In August 1970, Fitt becomes the first leader of a coalition of civil rights and nationalist leaders who create the Social Democratic and Labour Party (SDLP). By this time Northern Ireland is charging headlong towards near-civil war and the majority of unionists remain hostile.

After the collapse of Stormont in 1972 and the establishment of the Northern Ireland Assembly in 1973 Fitt becomes deputy chief executive of the short-lived Power-Sharing Executive created by the Sunningdale Agreement.

Fitt becomes increasingly detached from both his own party and also becomes more outspoken in his condemnation of the Provisional Irish Republican Army. He becomes a target for republican sympathisers in 1976 when they attack his home. He becomes disillusioned with the handling of Northern Ireland by the British government. In 1979, he abstains from a crucial vote in the House of Commons which brings down the Labour government, citing the way that the government had failed to help the nationalist population and tried to form a deal with the Ulster Unionist Party.

In 1979, Fitt is replaced by John Hume as leader of the SDLP and he leaves the party altogether after he agrees to constitutional talks with British Secretary of State Humphrey Atkins without any provision for an ‘Irish dimension’ and then sees his decision overturned by the SDLP party conference. Like Paddy Devlin before him, he claims the SDLP has ceased to be a socialist force.

In 1981, he opposes the hunger strikes in the Maze prison in Belfast. His seat in Westminster is targeted by Sinn Féin as well as by the SDLP. In June 1983, he loses his seat in Belfast West to Gerry Adams, in part due to competition from an SDLP candidate. The following month, on October 14, 1983, he is created a UK life peer as Baron Fitt, of Bell’s Hill in County Down. His Belfast home is firebombed a month later and he moves to London.

Gerry Fitt dies in London on August 26, 2005, at the age of 79, after a long history of heart disease.


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Roger Casement’s Remains Returned to the Republic of Ireland

roger-casementIrish patriot Roger Casement‘s body is returned to Ireland from the United Kingdom on February 23, 1965, forty-nine years after his execution for treason.

In October 1914, Roger Casement sails for Germany where he spends most of his time seeking to recruit an Irish Brigade from among more than 2,000 Irish prisoners-of-war taken in the early months of World War I and held in the prison camp of Limburg an der Lahn. His plan is that they will be trained to fight against Britain in the cause of Irish independence.

In April 1916, Germany offers the Irish 20,000 Mosin–Nagant 1891 rifles, ten machine guns and accompanying ammunition, but no German officers. It is a fraction of the quantity of arms that Casement has hoped. Casement does not learn of the Easter Rising until after the plan is fully developed. The German weapons never land in Ireland as the Royal Navy intercepts the ship transporting them.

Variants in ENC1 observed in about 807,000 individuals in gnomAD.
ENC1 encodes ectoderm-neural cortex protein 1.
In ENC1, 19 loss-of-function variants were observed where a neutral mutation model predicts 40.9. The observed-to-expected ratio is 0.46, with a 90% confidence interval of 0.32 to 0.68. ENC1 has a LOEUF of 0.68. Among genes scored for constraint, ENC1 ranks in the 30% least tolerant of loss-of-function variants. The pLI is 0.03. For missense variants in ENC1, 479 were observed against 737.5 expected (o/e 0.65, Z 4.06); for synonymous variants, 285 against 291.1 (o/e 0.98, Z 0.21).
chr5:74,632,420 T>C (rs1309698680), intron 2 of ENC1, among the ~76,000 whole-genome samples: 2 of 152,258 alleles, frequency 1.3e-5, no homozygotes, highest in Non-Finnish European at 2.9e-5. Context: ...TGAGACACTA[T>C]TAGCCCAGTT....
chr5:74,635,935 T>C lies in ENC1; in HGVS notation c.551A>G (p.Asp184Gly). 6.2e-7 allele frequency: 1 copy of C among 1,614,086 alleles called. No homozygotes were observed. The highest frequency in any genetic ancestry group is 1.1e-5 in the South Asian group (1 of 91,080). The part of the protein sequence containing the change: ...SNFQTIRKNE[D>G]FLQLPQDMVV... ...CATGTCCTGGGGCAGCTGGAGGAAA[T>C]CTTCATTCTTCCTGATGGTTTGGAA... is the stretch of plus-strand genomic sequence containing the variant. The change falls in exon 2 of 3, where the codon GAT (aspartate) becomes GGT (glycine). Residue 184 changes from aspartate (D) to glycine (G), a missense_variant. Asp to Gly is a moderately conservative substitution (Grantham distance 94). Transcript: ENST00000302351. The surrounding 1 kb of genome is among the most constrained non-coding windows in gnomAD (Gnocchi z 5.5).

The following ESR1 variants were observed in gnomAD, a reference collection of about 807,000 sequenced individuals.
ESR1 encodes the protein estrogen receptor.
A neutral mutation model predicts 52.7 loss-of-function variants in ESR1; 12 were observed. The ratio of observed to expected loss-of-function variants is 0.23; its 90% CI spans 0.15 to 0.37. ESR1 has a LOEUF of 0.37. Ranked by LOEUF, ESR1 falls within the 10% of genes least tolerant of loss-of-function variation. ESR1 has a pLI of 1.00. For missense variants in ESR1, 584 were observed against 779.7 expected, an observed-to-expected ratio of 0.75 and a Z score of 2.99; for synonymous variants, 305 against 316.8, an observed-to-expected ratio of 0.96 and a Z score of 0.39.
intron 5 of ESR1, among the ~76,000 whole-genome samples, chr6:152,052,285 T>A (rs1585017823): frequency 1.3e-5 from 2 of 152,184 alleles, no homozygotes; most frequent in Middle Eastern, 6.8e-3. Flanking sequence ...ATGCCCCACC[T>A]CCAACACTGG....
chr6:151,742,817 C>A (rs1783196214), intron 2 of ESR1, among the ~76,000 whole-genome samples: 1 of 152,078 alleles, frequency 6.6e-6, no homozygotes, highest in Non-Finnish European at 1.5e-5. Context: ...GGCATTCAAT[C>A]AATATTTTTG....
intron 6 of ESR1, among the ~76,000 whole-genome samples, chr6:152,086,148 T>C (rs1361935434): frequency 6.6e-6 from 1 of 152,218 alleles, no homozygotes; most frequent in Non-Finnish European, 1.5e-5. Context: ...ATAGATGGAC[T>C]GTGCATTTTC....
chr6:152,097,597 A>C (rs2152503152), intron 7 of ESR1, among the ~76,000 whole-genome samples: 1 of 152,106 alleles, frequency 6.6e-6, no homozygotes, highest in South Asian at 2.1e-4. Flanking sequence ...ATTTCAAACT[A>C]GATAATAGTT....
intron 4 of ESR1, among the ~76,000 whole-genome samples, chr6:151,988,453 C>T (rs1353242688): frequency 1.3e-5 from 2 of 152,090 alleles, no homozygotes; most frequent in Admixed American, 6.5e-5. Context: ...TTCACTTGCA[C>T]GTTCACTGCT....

In the early hours of April 21, 1916, three days before the beginning of the rising, Casement is taken by a German submarine and is put ashore at Banna Strand in Tralee Bay, County Kerry. Suffering from a recurrence of malaria and too weak to travel, he is discovered at McKenna’s Fort in Rathoneen, Ardfert, and arrested on charges of treason, sabotage, and espionage against the Crown. He is imprisoned in the Tower of London.

Casement’s trial for treason is highly publicized and he is ultimately convicted and sentenced to be hanged. He unsuccessfully appeals the conviction and death sentence. Among the many people who plead for clemency are Sir Arthur Conan Doyle, W. B. Yeats, and George Bernard Shaw.

On the day of his execution, Casement is again received into the Catholic Church at his request. He is attended by two Irish Catholic priests, Dean Timothy Ring and Father James Carey, from the East London parish of St. Mary and St. Michael’s. Casement is hanged at Pentonville Prison in London on August 3, 1916. His body is buried in quicklime in the prison cemetery at the rear of the prison.

roger-casement-glasnevin-graveDuring the decades after his execution, many formal requests for repatriation of Casement’s remains are refused by the U.K. government. Finally, February 23, 1965, Casement’s remains are repatriated to the Republic of Ireland. Casement’s last wish, to be buried at Murlough Bay on the North Antrim coast, in what is now Northern Ireland, may never be satisfied as U.K. Prime Minister Harold Wilson‘s government releases the remains only on condition that they can not be brought into Northern Ireland, as “the government feared that a reburial there could provoke Catholic celebrations and Protestant reactions.”

Casement’s remains lay in state at Arbour Hill in Dublin for five days, during which time an estimated half a million people file past his coffin. After a state funeral on March 1, the remains are buried with full military honours in the Republican plot in Glasnevin Cemetery in Dublin, with other militant republican heroes. The President of the Republic of Ireland, Éamon de Valera, who is in his mid-eighties and the last surviving leader of the Easter Rising, defies the advice of his doctors and attends the ceremony, along with an estimated 30,000 others.